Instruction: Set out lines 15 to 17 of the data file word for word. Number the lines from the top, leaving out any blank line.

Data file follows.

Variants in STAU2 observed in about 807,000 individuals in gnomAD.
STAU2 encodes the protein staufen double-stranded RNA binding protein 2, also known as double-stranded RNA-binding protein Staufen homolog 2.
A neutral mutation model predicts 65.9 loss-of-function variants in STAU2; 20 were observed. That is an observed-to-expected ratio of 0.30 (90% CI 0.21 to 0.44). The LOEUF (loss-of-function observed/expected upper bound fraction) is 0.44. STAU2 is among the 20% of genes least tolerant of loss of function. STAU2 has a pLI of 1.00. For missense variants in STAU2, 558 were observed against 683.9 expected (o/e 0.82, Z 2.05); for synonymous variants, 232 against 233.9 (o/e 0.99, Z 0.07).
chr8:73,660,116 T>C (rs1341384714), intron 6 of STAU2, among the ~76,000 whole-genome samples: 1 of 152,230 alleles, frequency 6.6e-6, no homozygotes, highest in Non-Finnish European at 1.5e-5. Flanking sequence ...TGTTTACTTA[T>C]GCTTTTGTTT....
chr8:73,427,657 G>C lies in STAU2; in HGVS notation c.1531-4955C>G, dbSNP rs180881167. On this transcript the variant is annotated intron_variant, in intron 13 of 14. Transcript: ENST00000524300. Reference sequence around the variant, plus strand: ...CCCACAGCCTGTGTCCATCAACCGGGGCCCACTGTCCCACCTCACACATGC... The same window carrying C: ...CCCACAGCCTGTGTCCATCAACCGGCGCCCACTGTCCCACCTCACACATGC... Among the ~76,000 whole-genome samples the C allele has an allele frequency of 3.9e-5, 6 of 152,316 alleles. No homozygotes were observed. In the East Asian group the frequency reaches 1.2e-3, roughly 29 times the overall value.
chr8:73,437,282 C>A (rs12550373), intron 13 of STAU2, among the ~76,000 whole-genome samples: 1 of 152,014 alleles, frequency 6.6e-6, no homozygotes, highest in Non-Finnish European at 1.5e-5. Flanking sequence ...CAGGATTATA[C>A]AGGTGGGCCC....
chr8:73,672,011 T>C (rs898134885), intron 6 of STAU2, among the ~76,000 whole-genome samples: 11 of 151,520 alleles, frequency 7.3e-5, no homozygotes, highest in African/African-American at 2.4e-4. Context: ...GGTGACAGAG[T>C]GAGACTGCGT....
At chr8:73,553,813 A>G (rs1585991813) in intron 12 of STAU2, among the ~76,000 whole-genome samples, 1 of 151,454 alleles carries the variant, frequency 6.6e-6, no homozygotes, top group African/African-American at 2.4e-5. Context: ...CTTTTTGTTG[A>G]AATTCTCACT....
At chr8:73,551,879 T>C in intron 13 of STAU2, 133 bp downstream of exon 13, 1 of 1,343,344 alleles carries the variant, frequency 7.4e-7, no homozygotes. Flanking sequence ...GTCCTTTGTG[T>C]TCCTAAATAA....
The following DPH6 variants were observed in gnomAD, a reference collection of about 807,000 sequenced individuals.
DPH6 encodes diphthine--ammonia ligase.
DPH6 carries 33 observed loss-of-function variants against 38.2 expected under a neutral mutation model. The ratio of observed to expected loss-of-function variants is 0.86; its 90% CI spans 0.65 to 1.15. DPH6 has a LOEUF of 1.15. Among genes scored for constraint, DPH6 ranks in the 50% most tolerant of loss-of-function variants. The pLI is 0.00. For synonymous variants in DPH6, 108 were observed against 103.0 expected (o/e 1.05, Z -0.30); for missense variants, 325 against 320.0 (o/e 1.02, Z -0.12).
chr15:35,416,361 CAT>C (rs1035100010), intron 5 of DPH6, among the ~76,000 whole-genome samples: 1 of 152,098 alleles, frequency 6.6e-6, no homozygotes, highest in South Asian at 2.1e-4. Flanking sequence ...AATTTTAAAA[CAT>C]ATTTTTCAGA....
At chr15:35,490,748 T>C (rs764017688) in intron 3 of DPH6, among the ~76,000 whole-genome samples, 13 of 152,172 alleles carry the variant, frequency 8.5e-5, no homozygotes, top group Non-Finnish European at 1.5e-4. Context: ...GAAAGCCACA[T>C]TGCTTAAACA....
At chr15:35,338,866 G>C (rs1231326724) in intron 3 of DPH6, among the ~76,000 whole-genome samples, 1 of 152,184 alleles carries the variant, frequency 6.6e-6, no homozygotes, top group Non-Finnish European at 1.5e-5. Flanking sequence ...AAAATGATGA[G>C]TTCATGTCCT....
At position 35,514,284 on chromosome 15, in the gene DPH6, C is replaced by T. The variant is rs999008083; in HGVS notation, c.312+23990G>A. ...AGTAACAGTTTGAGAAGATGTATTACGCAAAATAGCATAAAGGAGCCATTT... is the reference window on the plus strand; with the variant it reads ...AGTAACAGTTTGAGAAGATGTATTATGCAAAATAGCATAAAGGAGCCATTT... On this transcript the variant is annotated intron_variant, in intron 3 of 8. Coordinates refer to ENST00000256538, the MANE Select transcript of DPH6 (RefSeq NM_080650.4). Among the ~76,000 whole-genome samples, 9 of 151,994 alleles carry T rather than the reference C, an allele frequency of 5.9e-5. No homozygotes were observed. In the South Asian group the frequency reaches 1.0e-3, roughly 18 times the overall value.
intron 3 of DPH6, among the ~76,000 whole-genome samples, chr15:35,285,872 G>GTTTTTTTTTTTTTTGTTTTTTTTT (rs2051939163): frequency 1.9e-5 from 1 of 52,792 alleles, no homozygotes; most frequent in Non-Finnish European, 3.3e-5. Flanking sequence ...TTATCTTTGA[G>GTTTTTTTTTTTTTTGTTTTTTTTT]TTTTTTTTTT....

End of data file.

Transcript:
At chr15:35,338,866 G>C (rs1231326724) in intron 3 of DPH6, among the ~76,000 whole-genome samples, 1 of 152,184 alleles carries the variant, frequency 6.6e-6, no homozygotes, top group Non-Finnish European at 1.5e-5. Flanking sequence ...AAAATGATGA[G>C]TTCATGTCCT....
At position 35,514,284 on chromosome 15, in the gene DPH6, C is replaced by T. The variant is rs999008083; in HGVS notation, c.312+23990G>A. ...AGTAACAGTTTGAGAAGATGTATTACGCAAAATAGCATAAAGGAGCCATTT... is the reference window on the plus strand; with the variant it reads ...AGTAACAGTTTGAGAAGATGTATTATGCAAAATAGCATAAAGGAGCCATTT... On this transcript the variant is annotated intron_variant, in intron 3 of 8. Coordinates refer to ENST00000256538, the MANE Select transcript of DPH6 (RefSeq NM_080650.4). Among the ~76,000 whole-genome samples, 9 of 151,994 alleles carry T rather than the reference C, an allele frequency of 5.9e-5. No homozygotes were observed. In the South Asian group the frequency reaches 1.0e-3, roughly 18 times the overall value.
intron 3 of DPH6, among the ~76,000 whole-genome samples, chr15:35,285,872 G>GTTTTTTTTTTTTTTGTTTTTTTTT (rs2051939163): frequency 1.9e-5 from 1 of 52,792 alleles, no homozygotes; most frequent in Non-Finnish European, 3.3e-5. Flanking sequence ...TTATCTTTGA[G>GTTTTTTTTTTTTTTGTTTTTTTTT]TTTTTTTTTT....